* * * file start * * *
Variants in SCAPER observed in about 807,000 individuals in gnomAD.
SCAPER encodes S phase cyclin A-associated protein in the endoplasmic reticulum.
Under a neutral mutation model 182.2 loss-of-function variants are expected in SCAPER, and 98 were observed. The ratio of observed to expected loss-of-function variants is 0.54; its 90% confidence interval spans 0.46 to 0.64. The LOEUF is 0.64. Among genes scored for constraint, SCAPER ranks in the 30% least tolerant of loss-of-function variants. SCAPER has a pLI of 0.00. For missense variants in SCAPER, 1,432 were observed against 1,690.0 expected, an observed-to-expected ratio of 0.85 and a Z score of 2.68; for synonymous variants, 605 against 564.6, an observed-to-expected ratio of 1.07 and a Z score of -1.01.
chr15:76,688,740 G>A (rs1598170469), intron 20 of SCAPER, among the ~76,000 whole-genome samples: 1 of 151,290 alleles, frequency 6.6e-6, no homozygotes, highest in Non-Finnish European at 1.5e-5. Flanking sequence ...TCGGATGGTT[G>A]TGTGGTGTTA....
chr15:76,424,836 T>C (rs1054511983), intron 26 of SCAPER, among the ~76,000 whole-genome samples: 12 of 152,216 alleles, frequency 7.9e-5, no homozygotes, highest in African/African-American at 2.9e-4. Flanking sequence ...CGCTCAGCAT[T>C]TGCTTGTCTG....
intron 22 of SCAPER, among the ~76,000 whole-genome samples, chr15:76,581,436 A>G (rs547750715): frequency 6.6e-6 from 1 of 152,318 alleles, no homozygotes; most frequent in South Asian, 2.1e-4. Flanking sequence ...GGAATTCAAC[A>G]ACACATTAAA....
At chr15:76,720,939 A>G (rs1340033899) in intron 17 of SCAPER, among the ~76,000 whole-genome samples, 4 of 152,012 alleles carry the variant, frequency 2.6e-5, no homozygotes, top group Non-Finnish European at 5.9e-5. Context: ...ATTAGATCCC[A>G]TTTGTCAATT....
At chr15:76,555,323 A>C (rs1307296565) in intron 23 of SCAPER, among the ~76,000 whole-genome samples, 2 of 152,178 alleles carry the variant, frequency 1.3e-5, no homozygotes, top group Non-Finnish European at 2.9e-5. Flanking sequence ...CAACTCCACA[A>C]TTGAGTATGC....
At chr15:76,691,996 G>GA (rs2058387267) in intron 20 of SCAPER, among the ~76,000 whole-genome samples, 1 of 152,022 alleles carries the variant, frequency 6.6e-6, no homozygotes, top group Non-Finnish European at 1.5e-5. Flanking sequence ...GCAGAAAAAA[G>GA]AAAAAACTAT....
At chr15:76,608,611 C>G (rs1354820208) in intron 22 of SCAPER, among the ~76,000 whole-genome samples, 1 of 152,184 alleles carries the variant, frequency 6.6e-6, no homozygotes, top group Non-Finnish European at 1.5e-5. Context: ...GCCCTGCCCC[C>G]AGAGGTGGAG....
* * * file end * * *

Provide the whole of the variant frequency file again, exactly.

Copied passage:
Variants in SCAPER observed in about 807,000 individuals in gnomAD.
SCAPER encodes S phase cyclin A-associated protein in the endoplasmic reticulum.
Under a neutral mutation model 182.2 loss-of-function variants are expected in SCAPER, and 98 were observed. The ratio of observed to expected loss-of-function variants is 0.54; its 90% confidence interval spans 0.46 to 0.64. The LOEUF is 0.64. Among genes scored for constraint, SCAPER ranks in the 30% least tolerant of loss-of-function variants. SCAPER has a pLI of 0.00. For missense variants in SCAPER, 1,432 were observed against 1,690.0 expected, an observed-to-expected ratio of 0.85 and a Z score of 2.68; for synonymous variants, 605 against 564.6, an observed-to-expected ratio of 1.07 and a Z score of -1.01.
chr15:76,688,740 G>A (rs1598170469), intron 20 of SCAPER, among the ~76,000 whole-genome samples: 1 of 151,290 alleles, frequency 6.6e-6, no homozygotes, highest in Non-Finnish European at 1.5e-5. Flanking sequence ...TCGGATGGTT[G>A]TGTGGTGTTA....
chr15:76,424,836 T>C (rs1054511983), intron 26 of SCAPER, among the ~76,000 whole-genome samples: 12 of 152,216 alleles, frequency 7.9e-5, no homozygotes, highest in African/African-American at 2.9e-4. Flanking sequence ...CGCTCAGCAT[T>C]TGCTTGTCTG....
intron 22 of SCAPER, among the ~76,000 whole-genome samples, chr15:76,581,436 A>G (rs547750715): frequency 6.6e-6 from 1 of 152,318 alleles, no homozygotes; most frequent in South Asian, 2.1e-4. Flanking sequence ...GGAATTCAAC[A>G]ACACATTAAA....
At chr15:76,720,939 A>G (rs1340033899) in intron 17 of SCAPER, among the ~76,000 whole-genome samples, 4 of 152,012 alleles carry the variant, frequency 2.6e-5, no homozygotes, top group Non-Finnish European at 5.9e-5. Context: ...ATTAGATCCC[A>G]TTTGTCAATT....
At chr15:76,555,323 A>C (rs1307296565) in intron 23 of SCAPER, among the ~76,000 whole-genome samples, 2 of 152,178 alleles carry the variant, frequency 1.3e-5, no homozygotes, top group Non-Finnish European at 2.9e-5. Flanking sequence ...CAACTCCACA[A>C]TTGAGTATGC....
At chr15:76,691,996 G>GA (rs2058387267) in intron 20 of SCAPER, among the ~76,000 whole-genome samples, 1 of 152,022 alleles carries the variant, frequency 6.6e-6, no homozygotes, top group Non-Finnish European at 1.5e-5. Flanking sequence ...GCAGAAAAAA[G>GA]AAAAAACTAT....
At chr15:76,608,611 C>G (rs1354820208) in intron 22 of SCAPER, among the ~76,000 whole-genome samples, 1 of 152,184 alleles carries the variant, frequency 6.6e-6, no homozygotes, top group Non-Finnish European at 1.5e-5. Context: ...GCCCTGCCCC[C>G]AGAGGTGGAG....